It's time Cherry Hill's school chiefs had a real conversation about suspended teacher

The Cherry Hill School Board meets February 27 after two days of protests by hundreds of Cherry Hill High School East students sparked by the suspension of popular history teacher Tim Locke, who made comments regarding security issues at the school following the Parkland, Florida high school massacre.

The meaning of “conversation” in America has migrated from the personal to the political, from signifying a private exchange between individuals to describing a public discourse among groups.

But as controversy over one teacher’s remarks about what he described as lax security continues to rock Cherry Hill East, the township school district seems to have redefined “conversation” again to mean a one-way channel enabling officials to listen to but answer few (if any) questions. And to say nearly nothing.

It’s as if the district were guarding some awful secret, rather than, say, overreacting — or perhaps overzealously guarding its image.

On Friday, Cherry Hill did announce a welcome expansion of the police presence inside and outside all 19 of the district’s schools, as well as ID requirements for students, parents, and others seeking to enter school buildings. The new rules go into effect Monday.

The district’s announcement and a township statement supporting the enhanced procedures followed Superintendent Joseph Meloche’s two-hour meeting with Cherry Hill Mayor Chuck Cahn and township Police Chief William P. Monaghan on Friday morning. The meeting was arranged after the Valentine’s Day massacre at a Parkland, Fla., high school but before the uproar at East.

Township officials said “fully equipped” (meaning armed) officers will increase their visits to and patrols of all district schools.

But the new procedures do not in themselves provide for arming the police officers already employed by the district, such as the two each at Cherry Hill East and West.

Monaghan has recommended that the school board allow for arming the four officers, a move Cahn also supports.

“Why not do that?” the mayor said Friday.

Meloche is not giving interviews. But the district’s closed-mouth strategy has hardly prevented — and, in my view, has probably helped foment — waves of unflattering headlines about walkouts and protests by hundreds of students.

And the absence of an actual two-way conversation between the district, the students, and the general public leaves plenty of space open for unhelpful rumors.

The abrupt suspension of  Cherry Hill East history teacher Timothy Locke roiled teens who were already uneasy, like their peers elsewhere, due to the events in Florida  — as well as subsequent, less serious, but still concerning, threats and arrests at other high schools in New Jersey.

Neither of Friday’s announcements mentioned the suspension of the popular teacher, whose storytelling flair and caring persona have endeared him to students for 17 years. Locke was made to leave work after making remarks about East campus security to two dozen students in his World History class last month.

While the content, nuances, and implications of what the teacher said are in dispute, by all accounts Locke’s words were dramatic — perhaps self-dramatizing — and in keeping with his propensity to use personal information and anecdotes as teaching tools.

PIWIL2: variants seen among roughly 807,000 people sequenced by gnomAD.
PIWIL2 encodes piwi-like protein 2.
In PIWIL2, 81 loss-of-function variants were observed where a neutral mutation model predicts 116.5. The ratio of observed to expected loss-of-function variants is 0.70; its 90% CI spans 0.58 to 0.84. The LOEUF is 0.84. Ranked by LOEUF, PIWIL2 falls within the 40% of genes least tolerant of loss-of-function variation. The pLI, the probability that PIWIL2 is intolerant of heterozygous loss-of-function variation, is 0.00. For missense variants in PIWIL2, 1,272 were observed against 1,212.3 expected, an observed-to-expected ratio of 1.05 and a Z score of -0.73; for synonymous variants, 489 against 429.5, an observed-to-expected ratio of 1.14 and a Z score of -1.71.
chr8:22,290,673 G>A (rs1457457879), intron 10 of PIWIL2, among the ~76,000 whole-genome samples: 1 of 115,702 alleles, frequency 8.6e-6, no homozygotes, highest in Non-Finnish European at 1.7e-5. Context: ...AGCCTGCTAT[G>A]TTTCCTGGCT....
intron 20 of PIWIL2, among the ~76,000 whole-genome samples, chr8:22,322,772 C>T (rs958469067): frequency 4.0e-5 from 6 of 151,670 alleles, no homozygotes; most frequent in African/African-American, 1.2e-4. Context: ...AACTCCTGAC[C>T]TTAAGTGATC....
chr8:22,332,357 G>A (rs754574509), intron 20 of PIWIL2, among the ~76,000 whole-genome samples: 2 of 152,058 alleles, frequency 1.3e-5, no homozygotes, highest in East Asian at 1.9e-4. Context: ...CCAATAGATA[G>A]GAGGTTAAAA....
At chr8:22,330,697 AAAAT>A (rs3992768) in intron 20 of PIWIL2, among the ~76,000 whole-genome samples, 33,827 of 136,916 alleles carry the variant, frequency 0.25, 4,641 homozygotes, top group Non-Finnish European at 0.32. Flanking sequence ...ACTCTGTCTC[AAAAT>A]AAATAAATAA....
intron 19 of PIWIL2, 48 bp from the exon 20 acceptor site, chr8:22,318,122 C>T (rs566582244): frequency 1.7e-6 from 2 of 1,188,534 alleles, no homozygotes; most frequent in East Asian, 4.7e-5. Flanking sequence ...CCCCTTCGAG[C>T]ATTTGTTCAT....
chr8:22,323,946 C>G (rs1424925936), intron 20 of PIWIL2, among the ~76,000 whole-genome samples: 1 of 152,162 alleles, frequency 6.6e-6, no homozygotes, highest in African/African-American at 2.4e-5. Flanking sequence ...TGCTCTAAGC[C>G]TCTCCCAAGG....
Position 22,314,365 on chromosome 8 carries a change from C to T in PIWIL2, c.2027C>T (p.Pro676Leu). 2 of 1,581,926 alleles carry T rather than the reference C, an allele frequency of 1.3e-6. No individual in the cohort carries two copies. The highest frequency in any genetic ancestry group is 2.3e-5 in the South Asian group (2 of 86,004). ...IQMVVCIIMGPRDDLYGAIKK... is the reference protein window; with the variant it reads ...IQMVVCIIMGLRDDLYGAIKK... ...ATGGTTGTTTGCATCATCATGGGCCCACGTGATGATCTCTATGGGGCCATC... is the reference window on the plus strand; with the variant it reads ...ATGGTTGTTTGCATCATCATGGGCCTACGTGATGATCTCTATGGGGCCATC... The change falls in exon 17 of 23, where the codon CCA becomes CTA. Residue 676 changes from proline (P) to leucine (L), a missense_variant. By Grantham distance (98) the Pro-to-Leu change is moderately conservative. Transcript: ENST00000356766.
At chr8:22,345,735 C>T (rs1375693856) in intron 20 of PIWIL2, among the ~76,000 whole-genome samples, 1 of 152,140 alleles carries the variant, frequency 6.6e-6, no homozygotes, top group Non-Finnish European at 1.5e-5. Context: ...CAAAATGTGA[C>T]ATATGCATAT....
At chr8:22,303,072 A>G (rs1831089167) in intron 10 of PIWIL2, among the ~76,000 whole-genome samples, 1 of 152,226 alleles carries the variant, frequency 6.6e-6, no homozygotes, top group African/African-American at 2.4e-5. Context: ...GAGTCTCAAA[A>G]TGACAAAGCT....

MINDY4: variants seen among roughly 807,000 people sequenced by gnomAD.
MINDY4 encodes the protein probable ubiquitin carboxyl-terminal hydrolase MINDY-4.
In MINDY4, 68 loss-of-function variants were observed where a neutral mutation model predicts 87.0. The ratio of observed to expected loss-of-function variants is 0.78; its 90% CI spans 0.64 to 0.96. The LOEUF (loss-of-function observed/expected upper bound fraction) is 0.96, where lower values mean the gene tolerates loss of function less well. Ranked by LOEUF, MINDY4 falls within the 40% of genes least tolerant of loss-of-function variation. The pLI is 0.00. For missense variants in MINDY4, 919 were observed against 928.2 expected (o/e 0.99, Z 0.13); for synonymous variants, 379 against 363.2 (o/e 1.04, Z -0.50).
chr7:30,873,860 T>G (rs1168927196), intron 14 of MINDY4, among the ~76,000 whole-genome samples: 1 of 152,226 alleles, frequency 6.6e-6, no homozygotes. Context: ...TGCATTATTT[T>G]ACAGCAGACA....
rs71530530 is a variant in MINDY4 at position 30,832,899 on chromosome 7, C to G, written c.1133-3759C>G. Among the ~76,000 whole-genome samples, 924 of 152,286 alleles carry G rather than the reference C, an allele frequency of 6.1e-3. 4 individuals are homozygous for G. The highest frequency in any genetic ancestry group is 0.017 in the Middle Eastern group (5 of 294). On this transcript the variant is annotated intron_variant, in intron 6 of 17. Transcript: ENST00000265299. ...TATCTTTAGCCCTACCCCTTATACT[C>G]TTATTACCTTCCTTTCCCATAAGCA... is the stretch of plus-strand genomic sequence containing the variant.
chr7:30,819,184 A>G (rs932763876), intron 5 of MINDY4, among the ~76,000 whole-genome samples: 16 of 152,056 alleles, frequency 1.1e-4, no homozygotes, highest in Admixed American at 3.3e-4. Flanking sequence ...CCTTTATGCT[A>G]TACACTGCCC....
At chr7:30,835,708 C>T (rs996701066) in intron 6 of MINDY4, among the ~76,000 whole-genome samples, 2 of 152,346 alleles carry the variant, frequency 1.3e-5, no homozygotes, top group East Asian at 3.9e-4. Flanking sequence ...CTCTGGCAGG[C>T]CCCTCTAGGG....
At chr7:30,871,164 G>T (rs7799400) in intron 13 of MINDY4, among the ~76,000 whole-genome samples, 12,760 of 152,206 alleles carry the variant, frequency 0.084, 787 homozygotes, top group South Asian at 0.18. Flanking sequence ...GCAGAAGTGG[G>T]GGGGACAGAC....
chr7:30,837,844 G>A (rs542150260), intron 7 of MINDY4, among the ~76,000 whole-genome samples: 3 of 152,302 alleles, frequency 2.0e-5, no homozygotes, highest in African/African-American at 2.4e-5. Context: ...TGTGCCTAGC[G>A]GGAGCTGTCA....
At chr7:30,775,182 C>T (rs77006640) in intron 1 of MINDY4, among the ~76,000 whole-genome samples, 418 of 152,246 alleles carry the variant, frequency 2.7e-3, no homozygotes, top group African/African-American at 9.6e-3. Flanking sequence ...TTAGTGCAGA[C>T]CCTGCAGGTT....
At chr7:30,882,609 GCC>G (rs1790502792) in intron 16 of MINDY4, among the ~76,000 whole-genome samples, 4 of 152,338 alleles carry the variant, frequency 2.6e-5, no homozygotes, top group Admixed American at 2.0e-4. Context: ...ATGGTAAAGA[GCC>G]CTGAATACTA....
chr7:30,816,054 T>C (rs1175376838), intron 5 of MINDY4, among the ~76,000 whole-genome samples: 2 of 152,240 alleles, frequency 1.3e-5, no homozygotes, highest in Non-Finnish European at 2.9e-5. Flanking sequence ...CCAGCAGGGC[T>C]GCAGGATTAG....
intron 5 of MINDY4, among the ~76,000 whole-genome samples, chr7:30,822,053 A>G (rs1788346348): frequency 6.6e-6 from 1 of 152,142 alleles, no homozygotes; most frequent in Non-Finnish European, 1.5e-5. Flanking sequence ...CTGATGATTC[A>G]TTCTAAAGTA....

Students have cited his previous references to growing up in York, Pa., serving in the military, coping with PTSD, and recovering from substance abuse as disclosures that inspired lively classroom discussion.

Last Thursday, the website NJPen.com quoted, but withheld the name of, a student who described Locke as indicating he possessed a firearm and writing “I have the gun” on the classroom whiteboard on Feb. 22.

But two students who also were present — Jake Ober and Timothy Welsch, both 18-year-old seniors — told me they neither heard nor witnessed such statements and actions by a teacher whom both deeply admire.

“This has really been blown out of proportion,” Ober said.

“I just want to make it known that suspending Mr. Locke is a complete mistake,” said Welsch, adding that a classmate upset by the frank talk that morning was escorted by a fellow student to the school nurse’s office.

The teacher was sent home, spoke briefly to my colleague Jason Nark, and later refused to make any further comment. The district’s apparent vow of silence had begun.

But Friday’s announcement did say that public comment will be taken at a special board meeting set for 7 p.m. Tuesday at Cherry Hill West.

So let’s hope district and school board officials don’t airily dismiss questions as mere “conjecture,” as was done at last week’s regular school board meeting.

A similarly dismissive atmosphere prevailed last Monday at an informal session involving Meloche, parents, and students that was scheduled prior to the Locke controversy.

The superintendent at first seemed “diplomatic” but became “defensive,” said East parent Eric Ascalon, who was in attendance.

“It was a form of stonewalling, of giving the appearance of providing information when in fact they’re providing nothing,” Ascalon said.

“It was like, ‘Don’t worry, we’ve got this. We’ve got the situation under control.’ ”

Meanwhile, opaque (I’m being charitable) official dispatches separately posted early last week by Meloche and East principal Dennis Perry seem so over-lawyered (our tax dollars at work!) they lack not only information, but meaning.

As one East teacher, who requested anonymity, observed: “The school district teaches freedom of thought. But their own people are not allowed to speak.”

That doesn’t make for much of a conversation. By any definition.